Using GenFu to fill your database with dummy data

When you deliver a training or present a session or even start a new project, you want some test data pre-filled in your application instead of having to start with a fresh empty database.

Sometimes you don’t even need a database, you just want to display a list of customers in a grid to show your audience something, so, lets assume you have a Customer class that has the following definition

public class Customer
    {
        public int Id { get; set; }
        public string FirstName { get; set; }
        public string LastName { get; set; }
        public string Genger { get; set; }
        public string PhoneNumber { get; set; }
        public string Address { get; set; }
        public DateTime BirthDate { get; set; }
    }

You would normally do the following in your code:

 public ActionResult Index()
        {
            var listOfCustomers = new List<Customer>();

            listOfCustomers.Add(new Customer { Id = 1, FirstName = "John", LastName = "Smith", Address = "Someaddress", BirthDate = DateTime.Now.Subtract(TimeSpan.FromDays(9000)) });
            listOfCustomers.Add(new Customer { Id = 1, FirstName = "Mark", LastName = "Johnson", Address = "Someaddress", BirthDate = DateTime.Now.Subtract(TimeSpan.FromDays(9000)) });
            listOfCustomers.Add(new Customer { Id = 1, FirstName = "Jackson", LastName = "Clark", Address = "Someaddress", BirthDate = DateTime.Now.Subtract(TimeSpan.FromDays(9000)) });
            listOfCustomers.Add(new Customer { Id = 1, FirstName = "Emillia", LastName = "Smith", Address = "Someaddress", BirthDate = DateTime.Now.Subtract(TimeSpan.FromDays(9000)) });

            return View(listOfCustomers);
        }

And the results would be:

list of customers

Seems good but not very satisfying and requires a lot of work specially if you want to show a lot of records to have paging for example.

GenFu is a very exciting library that can save you all this time, it uses code to generate real-time person information including names, address, birth date  and a lot more.

To use GenFu, all you have to do is to install its package using NuGet package manager, so  from VS, select tools -> NuGet Package Manager -> Package Manager Console and type the following command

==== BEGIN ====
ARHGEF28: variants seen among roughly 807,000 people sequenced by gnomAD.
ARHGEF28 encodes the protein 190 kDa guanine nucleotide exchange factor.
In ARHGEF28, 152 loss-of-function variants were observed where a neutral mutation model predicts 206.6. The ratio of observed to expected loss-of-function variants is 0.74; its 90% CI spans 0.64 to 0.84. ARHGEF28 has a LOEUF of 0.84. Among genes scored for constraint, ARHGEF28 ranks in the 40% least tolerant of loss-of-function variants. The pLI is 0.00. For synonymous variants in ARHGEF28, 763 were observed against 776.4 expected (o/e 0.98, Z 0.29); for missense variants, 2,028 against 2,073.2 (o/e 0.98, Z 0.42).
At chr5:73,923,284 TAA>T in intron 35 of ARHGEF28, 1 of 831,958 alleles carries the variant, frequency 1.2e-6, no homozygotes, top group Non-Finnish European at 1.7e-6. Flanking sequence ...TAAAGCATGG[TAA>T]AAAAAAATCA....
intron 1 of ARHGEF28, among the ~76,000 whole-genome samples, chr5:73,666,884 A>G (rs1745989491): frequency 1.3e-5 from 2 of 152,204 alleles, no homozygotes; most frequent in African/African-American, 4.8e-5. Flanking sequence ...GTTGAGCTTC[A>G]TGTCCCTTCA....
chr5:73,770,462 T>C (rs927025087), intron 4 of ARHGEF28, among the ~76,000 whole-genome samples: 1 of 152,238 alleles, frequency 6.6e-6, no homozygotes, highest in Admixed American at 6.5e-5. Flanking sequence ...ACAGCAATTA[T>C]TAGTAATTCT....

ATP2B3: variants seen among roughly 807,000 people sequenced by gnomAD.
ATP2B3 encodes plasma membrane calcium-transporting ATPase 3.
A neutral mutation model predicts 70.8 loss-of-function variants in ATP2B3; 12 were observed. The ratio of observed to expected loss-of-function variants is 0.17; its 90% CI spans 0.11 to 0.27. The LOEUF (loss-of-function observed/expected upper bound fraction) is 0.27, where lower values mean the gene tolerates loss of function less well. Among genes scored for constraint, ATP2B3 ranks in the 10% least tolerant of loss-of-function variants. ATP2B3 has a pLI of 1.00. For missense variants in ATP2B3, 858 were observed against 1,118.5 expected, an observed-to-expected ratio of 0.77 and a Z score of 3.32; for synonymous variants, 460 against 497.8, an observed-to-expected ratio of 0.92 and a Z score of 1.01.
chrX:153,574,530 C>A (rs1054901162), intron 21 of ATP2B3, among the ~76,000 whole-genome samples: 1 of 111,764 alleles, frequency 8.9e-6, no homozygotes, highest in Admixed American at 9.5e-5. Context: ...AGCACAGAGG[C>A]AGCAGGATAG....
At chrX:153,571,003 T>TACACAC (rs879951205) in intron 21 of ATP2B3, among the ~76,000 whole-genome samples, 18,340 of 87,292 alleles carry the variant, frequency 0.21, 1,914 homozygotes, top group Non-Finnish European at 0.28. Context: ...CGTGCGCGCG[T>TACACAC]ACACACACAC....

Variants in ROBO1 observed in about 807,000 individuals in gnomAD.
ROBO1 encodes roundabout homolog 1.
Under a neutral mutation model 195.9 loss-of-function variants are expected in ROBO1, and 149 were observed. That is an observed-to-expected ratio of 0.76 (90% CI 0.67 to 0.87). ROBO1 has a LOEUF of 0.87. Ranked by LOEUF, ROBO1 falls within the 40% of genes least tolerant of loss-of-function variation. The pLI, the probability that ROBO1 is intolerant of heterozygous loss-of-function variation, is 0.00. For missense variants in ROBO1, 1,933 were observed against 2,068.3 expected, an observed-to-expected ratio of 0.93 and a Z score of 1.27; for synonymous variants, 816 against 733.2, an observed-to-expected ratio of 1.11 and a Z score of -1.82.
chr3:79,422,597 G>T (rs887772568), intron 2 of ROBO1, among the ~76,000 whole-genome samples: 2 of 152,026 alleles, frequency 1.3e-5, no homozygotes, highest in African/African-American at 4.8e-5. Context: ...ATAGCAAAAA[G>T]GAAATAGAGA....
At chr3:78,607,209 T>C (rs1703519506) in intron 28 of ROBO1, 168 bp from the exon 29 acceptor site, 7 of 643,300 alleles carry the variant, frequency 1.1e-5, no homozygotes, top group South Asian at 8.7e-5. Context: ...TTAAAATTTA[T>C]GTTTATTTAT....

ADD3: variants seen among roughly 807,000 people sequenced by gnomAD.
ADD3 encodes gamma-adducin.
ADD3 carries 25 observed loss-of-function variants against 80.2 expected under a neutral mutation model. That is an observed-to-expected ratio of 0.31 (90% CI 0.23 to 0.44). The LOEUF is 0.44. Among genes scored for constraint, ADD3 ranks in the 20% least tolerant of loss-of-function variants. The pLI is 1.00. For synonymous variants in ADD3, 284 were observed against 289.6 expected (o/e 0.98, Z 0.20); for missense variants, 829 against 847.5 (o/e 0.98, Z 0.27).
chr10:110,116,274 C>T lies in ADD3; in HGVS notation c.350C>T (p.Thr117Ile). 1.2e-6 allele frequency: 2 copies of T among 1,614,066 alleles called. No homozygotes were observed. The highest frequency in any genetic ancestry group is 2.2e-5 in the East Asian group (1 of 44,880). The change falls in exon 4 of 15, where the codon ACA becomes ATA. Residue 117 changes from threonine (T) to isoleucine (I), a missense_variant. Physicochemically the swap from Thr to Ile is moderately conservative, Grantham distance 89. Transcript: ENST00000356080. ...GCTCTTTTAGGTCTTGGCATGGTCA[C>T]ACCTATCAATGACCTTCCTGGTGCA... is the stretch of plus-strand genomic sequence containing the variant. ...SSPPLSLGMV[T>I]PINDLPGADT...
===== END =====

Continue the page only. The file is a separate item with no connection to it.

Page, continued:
install-package GenFu

Then replace the code written above to create list of customers with the following code:

  public ActionResult Index()
        {
            var listOfCustomers = A.ListOf<Customer>(20);

            return View(listOfCustomers);
        }

With just one line of code, it will create a 20 records with real data, and the results will be like this:

list of customers with genfu.PNG

 

To use GenFu to pre fill your database with some records, you can add the same line of code inside the Seed method in your Migration class, just like below

 
 internal sealed class Configuration : DbMigrationsConfiguration<GenFuDemo.Models.CustomersContext>
    {
        public Configuration()
        {
            AutomaticMigrationsEnabled = false;
        }

        protected override void Seed(GenFuDemo.Models.CustomersContext context)
        {
            context.Customers.AddOrUpdate(c => c.FirstName, A.ListOf<Customer>(20).ToArray());
        }
    }

This method will run when you run the update-database command and the data will be inserted into the Customer table

To read more about GenFu, you can visit its GitHub repository, it offers more features like customizing the way it generates or giving hints about some properties that it may not understand, for ex: if you have a property named NightNumber, which is a phone number, in this case you can instruct GenFu using its Fluent APIs to generate phone numbers for the property NightNumber

Advertisements